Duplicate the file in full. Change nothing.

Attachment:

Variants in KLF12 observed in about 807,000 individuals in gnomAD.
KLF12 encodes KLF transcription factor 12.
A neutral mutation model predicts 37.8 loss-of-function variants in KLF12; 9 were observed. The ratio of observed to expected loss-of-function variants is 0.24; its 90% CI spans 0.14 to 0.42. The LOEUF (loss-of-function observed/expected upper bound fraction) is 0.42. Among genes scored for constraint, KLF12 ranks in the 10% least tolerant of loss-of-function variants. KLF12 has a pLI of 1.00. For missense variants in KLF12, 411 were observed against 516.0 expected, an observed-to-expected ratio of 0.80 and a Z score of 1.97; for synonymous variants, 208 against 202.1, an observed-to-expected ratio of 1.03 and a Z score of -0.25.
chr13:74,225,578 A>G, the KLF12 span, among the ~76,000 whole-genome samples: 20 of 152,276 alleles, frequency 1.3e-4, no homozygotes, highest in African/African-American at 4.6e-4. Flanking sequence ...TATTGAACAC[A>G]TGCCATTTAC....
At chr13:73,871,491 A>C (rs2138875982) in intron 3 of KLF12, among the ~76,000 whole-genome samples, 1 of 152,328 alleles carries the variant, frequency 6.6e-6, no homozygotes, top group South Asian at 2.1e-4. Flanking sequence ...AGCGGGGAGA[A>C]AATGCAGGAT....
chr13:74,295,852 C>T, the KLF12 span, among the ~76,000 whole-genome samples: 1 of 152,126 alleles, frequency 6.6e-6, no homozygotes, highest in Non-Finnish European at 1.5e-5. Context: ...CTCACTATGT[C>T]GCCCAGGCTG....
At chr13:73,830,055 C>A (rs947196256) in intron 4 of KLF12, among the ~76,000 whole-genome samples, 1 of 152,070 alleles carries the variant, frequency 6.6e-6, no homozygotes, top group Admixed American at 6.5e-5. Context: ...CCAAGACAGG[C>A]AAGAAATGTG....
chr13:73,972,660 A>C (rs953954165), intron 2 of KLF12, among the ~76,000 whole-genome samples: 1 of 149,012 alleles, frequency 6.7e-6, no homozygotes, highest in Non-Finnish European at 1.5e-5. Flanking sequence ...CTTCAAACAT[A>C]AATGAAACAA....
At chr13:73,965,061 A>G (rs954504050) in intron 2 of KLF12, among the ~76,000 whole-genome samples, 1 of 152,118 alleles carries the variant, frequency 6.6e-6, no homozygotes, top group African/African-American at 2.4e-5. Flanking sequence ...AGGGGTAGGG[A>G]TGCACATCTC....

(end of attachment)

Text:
Variants in KLF12 observed in about 807,000 individuals in gnomAD.
KLF12 encodes KLF transcription factor 12.
A neutral mutation model predicts 37.8 loss-of-function variants in KLF12; 9 were observed. The ratio of observed to expected loss-of-function variants is 0.24; its 90% CI spans 0.14 to 0.42. The LOEUF (loss-of-function observed/expected upper bound fraction) is 0.42. Among genes scored for constraint, KLF12 ranks in the 10% least tolerant of loss-of-function variants. KLF12 has a pLI of 1.00. For missense variants in KLF12, 411 were observed against 516.0 expected, an observed-to-expected ratio of 0.80 and a Z score of 1.97; for synonymous variants, 208 against 202.1, an observed-to-expected ratio of 1.03 and a Z score of -0.25.
chr13:74,225,578 A>G, the KLF12 span, among the ~76,000 whole-genome samples: 20 of 152,276 alleles, frequency 1.3e-4, no homozygotes, highest in African/African-American at 4.6e-4. Flanking sequence ...TATTGAACAC[A>G]TGCCATTTAC....
At chr13:73,871,491 A>C (rs2138875982) in intron 3 of KLF12, among the ~76,000 whole-genome samples, 1 of 152,328 alleles carries the variant, frequency 6.6e-6, no homozygotes, top group South Asian at 2.1e-4. Flanking sequence ...AGCGGGGAGA[A>C]AATGCAGGAT....
chr13:74,295,852 C>T, the KLF12 span, among the ~76,000 whole-genome samples: 1 of 152,126 alleles, frequency 6.6e-6, no homozygotes, highest in Non-Finnish European at 1.5e-5. Context: ...CTCACTATGT[C>T]GCCCAGGCTG....
At chr13:73,830,055 C>A (rs947196256) in intron 4 of KLF12, among the ~76,000 whole-genome samples, 1 of 152,070 alleles carries the variant, frequency 6.6e-6, no homozygotes, top group Admixed American at 6.5e-5. Context: ...CCAAGACAGG[C>A]AAGAAATGTG....
chr13:73,972,660 A>C (rs953954165), intron 2 of KLF12, among the ~76,000 whole-genome samples: 1 of 149,012 alleles, frequency 6.7e-6, no homozygotes, highest in Non-Finnish European at 1.5e-5. Flanking sequence ...CTTCAAACAT[A>C]AATGAAACAA....
At chr13:73,965,061 A>G (rs954504050) in intron 2 of KLF12, among the ~76,000 whole-genome samples, 1 of 152,118 alleles carries the variant, frequency 6.6e-6, no homozygotes, top group African/African-American at 2.4e-5. Flanking sequence ...AGGGGTAGGG[A>G]TGCACATCTC....